Michigan Pie Lady Rewards Kindness with Pies

Food, Hometown Heroes, People
on October 28, 2010
Robert Hendricks Linda Hundt (center), flanked by daughters Ellie (left) and Betsie (right) and the staff of Sweetie-licious Bakery Cafe in DeWitt, Mich., makes award-winning pies from scratch.

Linda Hundt places a plump cherry pie into a pink box at Sweetie-licious Bakery Cafe in DeWitt, Mich. (pop. 4,702), ties it with a ribbon and adds one final sweet touch: a little card with a pie story.

Pie brings people back to a joyful time of life, says Hundt, 47, a national pie champion on a mission to cheer the world one homemade pie at a time. Its the paramount comfort food.

Hundts pie vignettes describe childhood memories of Aunt Margie arriving for visits in a big blue Buick and bearing chewing gum, comic books and delicious banana pie, and of sitting by a campfire on Lake Michigan while savoring her mothers blackberry cobbler baked in a Dutch oven. Hundt creates such carefree pie-eating moments at Sweetie-licious.

With Big Band tunes in the background, she and her staff visit with customers while rolling out and crimping pie crusts on a wooden table behind the pastry cases. Hundts daughters, Ellie, 20, and Betsie, 17, often are among the pie makers, who wear 1950s-style hostess aprons. Hundt usually wears pearls. Ive always wanted to be Donna Reed, she says.

By mid-morning, the bakers have stocked the antique pie cabinet with take-out pies in pink boxes: Aunt Ellas Cherry Rhubarb Pie, My Brothers Caramel Cashew Toffee Pie, Grandma Rosellas Vanilla Bean Cream Pie and some of the 50 other varieties made from Hundts family recipes.

 These are like grandmas pies, and the place is kind of like Mayberry, says DeWitt Police Chief Larry Jerue, 56, who is among the cafes regular diners. There arent any strangers here.

When Nancy Noyola walked into the shop one day last summer, the staff surprised her with a cutie pie, as Hundt calls her mini-pies. Noyola earlier had come to the rescue of a customer who ordered a slice of pie, then realized with embarrassment that hed forgotten his wallet.

Nancy asked him what he wanted, then proceeded to have us box up, not just a slice, but a whole pie of his choice and insisted we add it to her bill, says employee Drew Peabody, 20. Awarding cutie pies for random acts of kindness is part of what Hundt calls her pie it forward mission.

Good people and good deeds deserve good pie, she says.

Noyola, 44, began stopping at the homey bakery three years ago after her husband died. She found comfort and molasses cookies drizzled with lemon-orange zest like those her grandmother made.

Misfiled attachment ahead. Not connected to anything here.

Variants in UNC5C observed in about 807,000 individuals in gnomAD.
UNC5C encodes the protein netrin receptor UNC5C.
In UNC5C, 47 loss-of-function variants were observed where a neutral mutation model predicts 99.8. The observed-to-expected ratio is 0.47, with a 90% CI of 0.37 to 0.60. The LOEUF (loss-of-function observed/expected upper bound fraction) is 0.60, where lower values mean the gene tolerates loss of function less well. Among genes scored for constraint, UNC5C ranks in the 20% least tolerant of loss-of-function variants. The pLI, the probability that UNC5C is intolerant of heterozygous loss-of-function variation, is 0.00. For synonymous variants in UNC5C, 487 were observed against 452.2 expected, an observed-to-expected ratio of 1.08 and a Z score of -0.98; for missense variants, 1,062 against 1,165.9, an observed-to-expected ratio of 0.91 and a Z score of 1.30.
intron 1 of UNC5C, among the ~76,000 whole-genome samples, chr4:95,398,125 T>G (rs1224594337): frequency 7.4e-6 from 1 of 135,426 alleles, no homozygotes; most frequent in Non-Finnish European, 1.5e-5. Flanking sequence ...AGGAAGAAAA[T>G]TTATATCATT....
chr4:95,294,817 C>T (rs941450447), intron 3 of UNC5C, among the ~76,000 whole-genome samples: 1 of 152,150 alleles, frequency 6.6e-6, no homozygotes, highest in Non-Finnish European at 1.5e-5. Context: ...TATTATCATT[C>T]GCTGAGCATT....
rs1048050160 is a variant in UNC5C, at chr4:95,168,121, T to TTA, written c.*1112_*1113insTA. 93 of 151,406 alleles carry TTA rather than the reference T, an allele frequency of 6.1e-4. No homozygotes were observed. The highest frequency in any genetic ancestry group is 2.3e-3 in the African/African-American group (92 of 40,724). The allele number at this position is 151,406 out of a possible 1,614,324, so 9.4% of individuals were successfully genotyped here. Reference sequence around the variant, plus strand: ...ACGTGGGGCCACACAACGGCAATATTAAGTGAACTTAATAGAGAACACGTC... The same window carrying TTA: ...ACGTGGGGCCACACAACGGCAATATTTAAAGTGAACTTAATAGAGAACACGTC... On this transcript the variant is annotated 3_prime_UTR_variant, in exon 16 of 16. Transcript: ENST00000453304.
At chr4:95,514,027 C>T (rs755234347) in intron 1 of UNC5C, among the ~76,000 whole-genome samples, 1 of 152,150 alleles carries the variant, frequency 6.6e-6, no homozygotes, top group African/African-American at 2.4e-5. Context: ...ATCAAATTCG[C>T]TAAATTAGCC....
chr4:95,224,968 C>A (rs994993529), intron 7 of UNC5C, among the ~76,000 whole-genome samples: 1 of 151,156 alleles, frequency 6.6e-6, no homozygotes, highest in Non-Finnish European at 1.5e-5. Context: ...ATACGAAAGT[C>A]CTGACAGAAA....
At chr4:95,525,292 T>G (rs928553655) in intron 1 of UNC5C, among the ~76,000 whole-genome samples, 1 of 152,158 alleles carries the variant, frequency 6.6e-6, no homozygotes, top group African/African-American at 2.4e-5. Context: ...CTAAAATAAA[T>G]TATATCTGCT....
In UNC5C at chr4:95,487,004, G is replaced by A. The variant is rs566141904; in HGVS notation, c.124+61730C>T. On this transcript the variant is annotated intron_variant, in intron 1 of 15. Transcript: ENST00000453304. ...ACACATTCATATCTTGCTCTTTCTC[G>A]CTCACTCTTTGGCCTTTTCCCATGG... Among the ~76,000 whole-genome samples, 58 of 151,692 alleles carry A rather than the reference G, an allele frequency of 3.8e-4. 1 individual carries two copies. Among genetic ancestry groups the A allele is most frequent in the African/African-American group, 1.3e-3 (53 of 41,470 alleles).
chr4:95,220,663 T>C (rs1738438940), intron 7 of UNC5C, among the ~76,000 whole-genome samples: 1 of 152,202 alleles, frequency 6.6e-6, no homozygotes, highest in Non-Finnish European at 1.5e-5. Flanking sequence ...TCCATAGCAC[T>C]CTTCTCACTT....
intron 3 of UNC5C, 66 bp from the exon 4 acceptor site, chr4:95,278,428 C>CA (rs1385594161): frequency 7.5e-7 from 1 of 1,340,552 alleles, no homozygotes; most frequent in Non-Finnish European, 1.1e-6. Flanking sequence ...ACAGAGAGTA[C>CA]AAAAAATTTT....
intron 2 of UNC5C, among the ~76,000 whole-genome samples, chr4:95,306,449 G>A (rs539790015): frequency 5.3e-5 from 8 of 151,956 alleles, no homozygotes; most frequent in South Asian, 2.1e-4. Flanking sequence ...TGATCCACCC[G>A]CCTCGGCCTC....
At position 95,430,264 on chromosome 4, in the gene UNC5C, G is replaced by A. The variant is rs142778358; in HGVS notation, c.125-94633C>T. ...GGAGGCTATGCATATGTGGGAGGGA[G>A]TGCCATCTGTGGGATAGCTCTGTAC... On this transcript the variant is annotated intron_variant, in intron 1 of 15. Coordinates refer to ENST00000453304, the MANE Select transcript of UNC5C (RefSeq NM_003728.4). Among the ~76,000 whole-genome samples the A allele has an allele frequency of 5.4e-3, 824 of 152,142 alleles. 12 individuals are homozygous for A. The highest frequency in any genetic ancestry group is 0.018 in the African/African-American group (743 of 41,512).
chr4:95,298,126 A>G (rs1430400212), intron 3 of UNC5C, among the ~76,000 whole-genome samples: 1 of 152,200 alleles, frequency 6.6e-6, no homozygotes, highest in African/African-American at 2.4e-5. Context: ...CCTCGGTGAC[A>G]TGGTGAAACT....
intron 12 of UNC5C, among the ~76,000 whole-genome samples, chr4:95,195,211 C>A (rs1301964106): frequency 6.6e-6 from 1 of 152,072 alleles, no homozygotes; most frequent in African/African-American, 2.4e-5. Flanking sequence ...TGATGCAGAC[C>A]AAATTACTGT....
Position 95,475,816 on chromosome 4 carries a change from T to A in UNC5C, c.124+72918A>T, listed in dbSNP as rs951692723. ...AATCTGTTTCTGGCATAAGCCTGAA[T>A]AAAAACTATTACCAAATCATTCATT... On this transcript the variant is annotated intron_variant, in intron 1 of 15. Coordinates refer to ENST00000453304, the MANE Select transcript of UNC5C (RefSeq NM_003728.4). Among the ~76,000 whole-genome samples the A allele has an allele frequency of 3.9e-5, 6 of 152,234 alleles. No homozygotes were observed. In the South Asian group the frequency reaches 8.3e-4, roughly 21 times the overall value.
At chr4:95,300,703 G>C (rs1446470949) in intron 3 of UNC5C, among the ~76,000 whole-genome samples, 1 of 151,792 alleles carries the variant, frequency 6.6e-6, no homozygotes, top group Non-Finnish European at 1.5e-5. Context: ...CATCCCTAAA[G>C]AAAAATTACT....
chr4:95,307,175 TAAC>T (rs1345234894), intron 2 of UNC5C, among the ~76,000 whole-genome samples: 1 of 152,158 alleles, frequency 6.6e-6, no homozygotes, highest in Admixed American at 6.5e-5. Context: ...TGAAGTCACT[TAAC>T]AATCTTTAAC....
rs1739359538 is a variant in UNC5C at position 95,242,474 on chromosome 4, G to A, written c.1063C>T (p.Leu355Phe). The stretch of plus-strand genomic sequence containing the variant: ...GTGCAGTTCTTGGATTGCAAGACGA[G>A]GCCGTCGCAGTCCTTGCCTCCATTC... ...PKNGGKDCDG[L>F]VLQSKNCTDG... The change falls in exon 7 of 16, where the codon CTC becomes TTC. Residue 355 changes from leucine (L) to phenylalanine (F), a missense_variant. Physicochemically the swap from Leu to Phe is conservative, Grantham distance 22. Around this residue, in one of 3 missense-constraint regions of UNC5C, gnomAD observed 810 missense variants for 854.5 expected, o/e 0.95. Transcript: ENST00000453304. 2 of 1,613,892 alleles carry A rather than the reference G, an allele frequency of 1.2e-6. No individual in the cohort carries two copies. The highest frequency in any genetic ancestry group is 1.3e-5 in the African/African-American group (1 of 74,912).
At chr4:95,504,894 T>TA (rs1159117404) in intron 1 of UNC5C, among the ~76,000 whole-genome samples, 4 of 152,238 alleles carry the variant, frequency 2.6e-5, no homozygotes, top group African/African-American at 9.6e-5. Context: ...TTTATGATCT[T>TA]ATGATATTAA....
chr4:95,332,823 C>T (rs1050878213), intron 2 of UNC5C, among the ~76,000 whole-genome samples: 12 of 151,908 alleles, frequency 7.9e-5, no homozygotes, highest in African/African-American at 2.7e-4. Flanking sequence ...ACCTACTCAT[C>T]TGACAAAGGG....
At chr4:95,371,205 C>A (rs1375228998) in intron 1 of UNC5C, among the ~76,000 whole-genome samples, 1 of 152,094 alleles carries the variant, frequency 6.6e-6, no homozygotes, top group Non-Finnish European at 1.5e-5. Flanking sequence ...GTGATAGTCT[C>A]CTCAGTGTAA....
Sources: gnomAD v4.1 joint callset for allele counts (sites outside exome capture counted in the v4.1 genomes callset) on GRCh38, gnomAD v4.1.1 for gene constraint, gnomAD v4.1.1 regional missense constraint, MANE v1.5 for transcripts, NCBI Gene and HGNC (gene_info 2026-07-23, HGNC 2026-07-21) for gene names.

One day I was just sitting there and Linda came around the corner and gave me a hug, Noyola recalls. Our friendship developed from there.

Bakery signs proclaim Pie Fixes Everything and Oh, the Power of Pie! and Hundt tells of pie miracles, such as the time a staff member took an order for a custard rhubarb pie without realizing the shop was out of rhubarb. That morning, Hundt frantically called her husband, John, who found enough rhubarb in their farm patch for two pies. Later that day, a Florida woman stopped at Sweetie-licious and before long confided in Hundt that she was in town to visit her dying brother.

She said, Oh, I remember my brothers favorite pie was rhubarb custard, Hundt says. Call it serendipity or Gods way, but that sweet man who was dying had his pie.

Hundts best pie story may be her own. At age 5, she enjoyed baking treats in her Easy-Bake Oven. It was the only time my brothers liked me, she says. Though Hundt longed to attend culinary school and open a pie shop like the one she visited on her honeymoon in 1985, she became an elementary teacher because the hours were more compatible with family life.

I never stopped dreaming about my pie shop, Hundt says. She collected furnishings, including a wooden pie cabinet that had been dumped on a country road. Hundt, who struggled with depression, found that she could bake away the blues, and in 2002, she began peddling pies to restaurants and farmers markets and selling them off the back porch of her 1898 farmhouse. Customers helped themselves to pies in the porch fridge and dropped money in a bucket.

Bite by bite, satisfied customers spread the word about Hundts pies, which are bursting with 7 ½ cups of fresh fruit and other fillings in golden flakey crusts. In 2005, she was able to lease a retail shop for Sweetie-licious.

From the start, Hundt enteredand wonnational pie contests. Her most prestigious recent awards include four first-place prizes and the $5,000 Best of Show in the 2009 Crisco National Pie Championship, and three first-place prizes at this years contest. Today, Hundts pies lure people from hundreds of miles around, and she has a two-year waiting list for baking classes.

Something as simple as a pie can make a person feel good, Hundt says. My mission is to make everyone feel revered and loved when they come into Sweetie-licious and to change the world one pie at a time.